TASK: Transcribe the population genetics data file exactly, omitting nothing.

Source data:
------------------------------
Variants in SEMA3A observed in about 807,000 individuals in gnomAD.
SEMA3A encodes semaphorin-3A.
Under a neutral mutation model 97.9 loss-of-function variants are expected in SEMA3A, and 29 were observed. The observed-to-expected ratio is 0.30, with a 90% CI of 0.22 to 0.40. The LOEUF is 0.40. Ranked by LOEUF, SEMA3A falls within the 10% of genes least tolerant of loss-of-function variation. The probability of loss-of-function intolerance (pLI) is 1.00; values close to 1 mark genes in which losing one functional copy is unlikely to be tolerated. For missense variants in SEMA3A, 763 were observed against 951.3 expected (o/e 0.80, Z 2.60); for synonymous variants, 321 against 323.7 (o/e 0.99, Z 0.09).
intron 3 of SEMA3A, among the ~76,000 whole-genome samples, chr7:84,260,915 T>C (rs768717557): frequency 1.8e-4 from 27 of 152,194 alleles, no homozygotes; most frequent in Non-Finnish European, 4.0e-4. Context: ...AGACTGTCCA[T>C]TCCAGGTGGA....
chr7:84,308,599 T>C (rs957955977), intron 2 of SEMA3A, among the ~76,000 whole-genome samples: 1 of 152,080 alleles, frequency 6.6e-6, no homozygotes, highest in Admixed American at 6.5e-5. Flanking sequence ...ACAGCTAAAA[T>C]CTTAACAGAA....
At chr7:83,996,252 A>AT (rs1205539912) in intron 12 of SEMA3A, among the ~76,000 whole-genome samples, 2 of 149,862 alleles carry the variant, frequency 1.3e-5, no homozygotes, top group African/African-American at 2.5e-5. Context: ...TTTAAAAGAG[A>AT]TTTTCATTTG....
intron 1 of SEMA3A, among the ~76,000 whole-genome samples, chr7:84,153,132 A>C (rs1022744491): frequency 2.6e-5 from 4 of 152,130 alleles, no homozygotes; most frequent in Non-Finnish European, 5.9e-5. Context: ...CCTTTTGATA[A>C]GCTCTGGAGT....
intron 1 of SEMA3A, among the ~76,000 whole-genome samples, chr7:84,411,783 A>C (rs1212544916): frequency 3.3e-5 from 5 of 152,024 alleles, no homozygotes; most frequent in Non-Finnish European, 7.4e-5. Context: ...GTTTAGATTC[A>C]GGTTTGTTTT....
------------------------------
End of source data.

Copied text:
Variants in SEMA3A observed in about 807,000 individuals in gnomAD.
SEMA3A encodes semaphorin-3A.
Under a neutral mutation model 97.9 loss-of-function variants are expected in SEMA3A, and 29 were observed. The observed-to-expected ratio is 0.30, with a 90% CI of 0.22 to 0.40. The LOEUF is 0.40. Ranked by LOEUF, SEMA3A falls within the 10% of genes least tolerant of loss-of-function variation. The probability of loss-of-function intolerance (pLI) is 1.00; values close to 1 mark genes in which losing one functional copy is unlikely to be tolerated. For missense variants in SEMA3A, 763 were observed against 951.3 expected (o/e 0.80, Z 2.60); for synonymous variants, 321 against 323.7 (o/e 0.99, Z 0.09).
intron 3 of SEMA3A, among the ~76,000 whole-genome samples, chr7:84,260,915 T>C (rs768717557): frequency 1.8e-4 from 27 of 152,194 alleles, no homozygotes; most frequent in Non-Finnish European, 4.0e-4. Context: ...AGACTGTCCA[T>C]TCCAGGTGGA....
chr7:84,308,599 T>C (rs957955977), intron 2 of SEMA3A, among the ~76,000 whole-genome samples: 1 of 152,080 alleles, frequency 6.6e-6, no homozygotes, highest in Admixed American at 6.5e-5. Flanking sequence ...ACAGCTAAAA[T>C]CTTAACAGAA....
At chr7:83,996,252 A>AT (rs1205539912) in intron 12 of SEMA3A, among the ~76,000 whole-genome samples, 2 of 149,862 alleles carry the variant, frequency 1.3e-5, no homozygotes, top group African/African-American at 2.5e-5. Context: ...TTTAAAAGAG[A>AT]TTTTCATTTG....
intron 1 of SEMA3A, among the ~76,000 whole-genome samples, chr7:84,153,132 A>C (rs1022744491): frequency 2.6e-5 from 4 of 152,130 alleles, no homozygotes; most frequent in Non-Finnish European, 5.9e-5. Context: ...CCTTTTGATA[A>C]GCTCTGGAGT....
intron 1 of SEMA3A, among the ~76,000 whole-genome samples, chr7:84,411,783 A>C (rs1212544916): frequency 3.3e-5 from 5 of 152,024 alleles, no homozygotes; most frequent in Non-Finnish European, 7.4e-5. Context: ...GTTTAGATTC[A>C]GGTTTGTTTT....